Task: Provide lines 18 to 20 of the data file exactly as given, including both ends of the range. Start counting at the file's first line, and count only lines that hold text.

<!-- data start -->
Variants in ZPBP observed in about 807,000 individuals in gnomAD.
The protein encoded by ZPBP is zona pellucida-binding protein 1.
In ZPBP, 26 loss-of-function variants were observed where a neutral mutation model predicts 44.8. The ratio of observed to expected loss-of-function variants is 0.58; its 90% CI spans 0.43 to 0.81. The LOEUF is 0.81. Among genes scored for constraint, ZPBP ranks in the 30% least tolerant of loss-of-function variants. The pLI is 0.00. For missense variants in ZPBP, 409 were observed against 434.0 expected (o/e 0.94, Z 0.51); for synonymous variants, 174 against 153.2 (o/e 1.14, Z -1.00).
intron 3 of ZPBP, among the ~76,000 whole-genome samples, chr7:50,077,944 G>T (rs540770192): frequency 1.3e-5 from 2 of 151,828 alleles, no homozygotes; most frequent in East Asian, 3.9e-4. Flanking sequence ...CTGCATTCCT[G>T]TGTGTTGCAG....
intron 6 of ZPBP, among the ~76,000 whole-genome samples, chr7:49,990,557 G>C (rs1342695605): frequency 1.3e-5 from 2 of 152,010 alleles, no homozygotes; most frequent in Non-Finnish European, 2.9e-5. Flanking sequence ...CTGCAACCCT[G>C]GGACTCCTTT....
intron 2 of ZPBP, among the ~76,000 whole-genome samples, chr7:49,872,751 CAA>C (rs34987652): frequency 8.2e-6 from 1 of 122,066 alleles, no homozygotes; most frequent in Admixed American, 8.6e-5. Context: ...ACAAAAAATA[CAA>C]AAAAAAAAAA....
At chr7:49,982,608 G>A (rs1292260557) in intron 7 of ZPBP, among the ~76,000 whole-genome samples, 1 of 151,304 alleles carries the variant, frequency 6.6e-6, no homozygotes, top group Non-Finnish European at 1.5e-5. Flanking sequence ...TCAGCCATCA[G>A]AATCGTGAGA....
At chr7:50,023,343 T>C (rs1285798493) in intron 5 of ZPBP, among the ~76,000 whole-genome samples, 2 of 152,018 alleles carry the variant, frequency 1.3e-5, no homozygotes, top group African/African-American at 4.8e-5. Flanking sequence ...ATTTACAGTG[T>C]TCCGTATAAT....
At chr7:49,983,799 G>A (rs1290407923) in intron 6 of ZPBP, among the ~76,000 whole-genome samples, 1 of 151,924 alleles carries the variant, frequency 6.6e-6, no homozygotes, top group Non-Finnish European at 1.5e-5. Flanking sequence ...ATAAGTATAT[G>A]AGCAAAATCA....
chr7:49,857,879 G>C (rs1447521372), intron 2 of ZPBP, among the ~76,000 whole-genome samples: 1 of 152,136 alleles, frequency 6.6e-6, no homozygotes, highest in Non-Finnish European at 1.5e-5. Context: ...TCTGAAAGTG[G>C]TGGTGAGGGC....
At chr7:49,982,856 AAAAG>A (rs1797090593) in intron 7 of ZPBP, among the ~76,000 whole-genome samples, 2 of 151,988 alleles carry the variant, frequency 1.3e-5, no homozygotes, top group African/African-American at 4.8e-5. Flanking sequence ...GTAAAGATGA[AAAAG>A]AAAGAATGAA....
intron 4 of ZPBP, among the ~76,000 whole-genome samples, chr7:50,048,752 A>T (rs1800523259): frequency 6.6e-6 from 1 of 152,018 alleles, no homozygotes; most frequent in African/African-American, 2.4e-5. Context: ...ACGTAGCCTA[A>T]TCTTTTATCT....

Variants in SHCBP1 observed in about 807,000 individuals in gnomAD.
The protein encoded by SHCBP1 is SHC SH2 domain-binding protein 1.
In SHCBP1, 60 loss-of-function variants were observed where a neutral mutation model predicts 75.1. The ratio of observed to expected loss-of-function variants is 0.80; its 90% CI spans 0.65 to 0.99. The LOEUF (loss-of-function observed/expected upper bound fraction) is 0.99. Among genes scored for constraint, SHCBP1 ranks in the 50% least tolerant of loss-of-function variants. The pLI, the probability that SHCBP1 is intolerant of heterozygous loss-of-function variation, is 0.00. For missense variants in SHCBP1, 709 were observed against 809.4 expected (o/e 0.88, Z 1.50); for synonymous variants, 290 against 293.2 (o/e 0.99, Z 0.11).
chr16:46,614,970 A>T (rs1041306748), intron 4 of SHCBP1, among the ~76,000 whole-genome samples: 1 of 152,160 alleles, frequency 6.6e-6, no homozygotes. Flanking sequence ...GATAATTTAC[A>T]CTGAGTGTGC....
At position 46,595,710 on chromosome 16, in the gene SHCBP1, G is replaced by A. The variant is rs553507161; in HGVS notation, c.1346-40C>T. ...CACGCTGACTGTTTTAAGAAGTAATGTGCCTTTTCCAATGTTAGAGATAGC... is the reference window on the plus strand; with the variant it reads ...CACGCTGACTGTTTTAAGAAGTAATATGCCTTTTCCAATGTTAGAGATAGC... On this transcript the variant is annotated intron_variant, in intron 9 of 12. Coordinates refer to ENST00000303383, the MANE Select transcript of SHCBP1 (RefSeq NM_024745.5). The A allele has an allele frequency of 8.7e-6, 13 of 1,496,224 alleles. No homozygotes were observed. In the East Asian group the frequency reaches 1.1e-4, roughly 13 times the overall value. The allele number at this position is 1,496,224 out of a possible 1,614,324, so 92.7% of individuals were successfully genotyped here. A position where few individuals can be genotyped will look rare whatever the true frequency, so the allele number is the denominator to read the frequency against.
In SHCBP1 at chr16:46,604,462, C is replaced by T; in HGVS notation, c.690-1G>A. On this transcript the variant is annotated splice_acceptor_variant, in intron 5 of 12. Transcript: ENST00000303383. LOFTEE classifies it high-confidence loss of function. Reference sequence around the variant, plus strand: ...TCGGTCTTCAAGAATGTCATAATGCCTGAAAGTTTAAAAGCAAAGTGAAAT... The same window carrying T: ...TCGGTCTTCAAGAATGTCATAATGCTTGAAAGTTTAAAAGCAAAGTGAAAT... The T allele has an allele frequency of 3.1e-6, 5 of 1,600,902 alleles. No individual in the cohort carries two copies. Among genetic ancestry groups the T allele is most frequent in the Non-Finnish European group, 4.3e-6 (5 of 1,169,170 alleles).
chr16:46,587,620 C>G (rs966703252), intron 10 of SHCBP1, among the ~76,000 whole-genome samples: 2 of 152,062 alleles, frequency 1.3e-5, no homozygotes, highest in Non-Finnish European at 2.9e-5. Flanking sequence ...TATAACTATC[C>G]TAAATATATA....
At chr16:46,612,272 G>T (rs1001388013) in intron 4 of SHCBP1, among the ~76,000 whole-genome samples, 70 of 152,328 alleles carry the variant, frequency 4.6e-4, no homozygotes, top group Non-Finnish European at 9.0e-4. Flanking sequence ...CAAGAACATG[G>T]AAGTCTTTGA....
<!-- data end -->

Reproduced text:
In SHCBP1 at chr16:46,604,462, C is replaced by T; in HGVS notation, c.690-1G>A. On this transcript the variant is annotated splice_acceptor_variant, in intron 5 of 12. Transcript: ENST00000303383. LOFTEE classifies it high-confidence loss of function. Reference sequence around the variant, plus strand: ...TCGGTCTTCAAGAATGTCATAATGCCTGAAAGTTTAAAAGCAAAGTGAAAT... The same window carrying T: ...TCGGTCTTCAAGAATGTCATAATGCTTGAAAGTTTAAAAGCAAAGTGAAAT... The T allele has an allele frequency of 3.1e-6, 5 of 1,600,902 alleles. No individual in the cohort carries two copies. Among genetic ancestry groups the T allele is most frequent in the Non-Finnish European group, 4.3e-6 (5 of 1,169,170 alleles).
chr16:46,587,620 C>G (rs966703252), intron 10 of SHCBP1, among the ~76,000 whole-genome samples: 2 of 152,062 alleles, frequency 1.3e-5, no homozygotes, highest in Non-Finnish European at 2.9e-5. Flanking sequence ...TATAACTATC[C>G]TAAATATATA....
At chr16:46,612,272 G>T (rs1001388013) in intron 4 of SHCBP1, among the ~76,000 whole-genome samples, 70 of 152,328 alleles carry the variant, frequency 4.6e-4, no homozygotes, top group Non-Finnish European at 9.0e-4. Flanking sequence ...CAAGAACATG[G>T]AAGTCTTTGA....